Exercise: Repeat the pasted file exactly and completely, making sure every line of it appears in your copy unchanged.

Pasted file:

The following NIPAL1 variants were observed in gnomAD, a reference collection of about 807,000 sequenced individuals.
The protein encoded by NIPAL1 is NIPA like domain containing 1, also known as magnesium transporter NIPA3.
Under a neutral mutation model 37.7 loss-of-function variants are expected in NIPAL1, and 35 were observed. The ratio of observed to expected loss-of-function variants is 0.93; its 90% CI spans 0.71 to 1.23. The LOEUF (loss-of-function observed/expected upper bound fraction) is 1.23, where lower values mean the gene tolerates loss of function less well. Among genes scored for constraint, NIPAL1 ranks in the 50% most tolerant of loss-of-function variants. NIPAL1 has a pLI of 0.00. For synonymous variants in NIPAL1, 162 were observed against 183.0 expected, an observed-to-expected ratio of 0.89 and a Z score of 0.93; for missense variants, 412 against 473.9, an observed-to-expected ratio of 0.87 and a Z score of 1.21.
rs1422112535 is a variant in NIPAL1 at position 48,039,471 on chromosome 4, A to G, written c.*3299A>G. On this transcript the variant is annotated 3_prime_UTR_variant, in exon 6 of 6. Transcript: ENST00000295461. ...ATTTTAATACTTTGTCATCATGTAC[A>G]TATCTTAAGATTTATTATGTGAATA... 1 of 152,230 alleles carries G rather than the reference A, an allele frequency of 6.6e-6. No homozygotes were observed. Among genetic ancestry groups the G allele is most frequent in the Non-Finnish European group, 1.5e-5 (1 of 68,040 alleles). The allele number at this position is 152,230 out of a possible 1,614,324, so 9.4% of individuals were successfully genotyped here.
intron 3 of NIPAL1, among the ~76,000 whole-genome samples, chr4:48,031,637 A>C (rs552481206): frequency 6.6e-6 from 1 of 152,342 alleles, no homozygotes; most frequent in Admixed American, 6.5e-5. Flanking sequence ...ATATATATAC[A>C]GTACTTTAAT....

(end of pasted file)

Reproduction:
The following NIPAL1 variants were observed in gnomAD, a reference collection of about 807,000 sequenced individuals.
The protein encoded by NIPAL1 is NIPA like domain containing 1, also known as magnesium transporter NIPA3.
Under a neutral mutation model 37.7 loss-of-function variants are expected in NIPAL1, and 35 were observed. The ratio of observed to expected loss-of-function variants is 0.93; its 90% CI spans 0.71 to 1.23. The LOEUF (loss-of-function observed/expected upper bound fraction) is 1.23, where lower values mean the gene tolerates loss of function less well. Among genes scored for constraint, NIPAL1 ranks in the 50% most tolerant of loss-of-function variants. NIPAL1 has a pLI of 0.00. For synonymous variants in NIPAL1, 162 were observed against 183.0 expected, an observed-to-expected ratio of 0.89 and a Z score of 0.93; for missense variants, 412 against 473.9, an observed-to-expected ratio of 0.87 and a Z score of 1.21.
rs1422112535 is a variant in NIPAL1 at position 48,039,471 on chromosome 4, A to G, written c.*3299A>G. On this transcript the variant is annotated 3_prime_UTR_variant, in exon 6 of 6. Transcript: ENST00000295461. ...ATTTTAATACTTTGTCATCATGTAC[A>G]TATCTTAAGATTTATTATGTGAATA... 1 of 152,230 alleles carries G rather than the reference A, an allele frequency of 6.6e-6. No homozygotes were observed. Among genetic ancestry groups the G allele is most frequent in the Non-Finnish European group, 1.5e-5 (1 of 68,040 alleles). The allele number at this position is 152,230 out of a possible 1,614,324, so 9.4% of individuals were successfully genotyped here.
intron 3 of NIPAL1, among the ~76,000 whole-genome samples, chr4:48,031,637 A>C (rs552481206): frequency 6.6e-6 from 1 of 152,342 alleles, no homozygotes; most frequent in Admixed American, 6.5e-5. Flanking sequence ...ATATATATAC[A>C]GTACTTTAAT....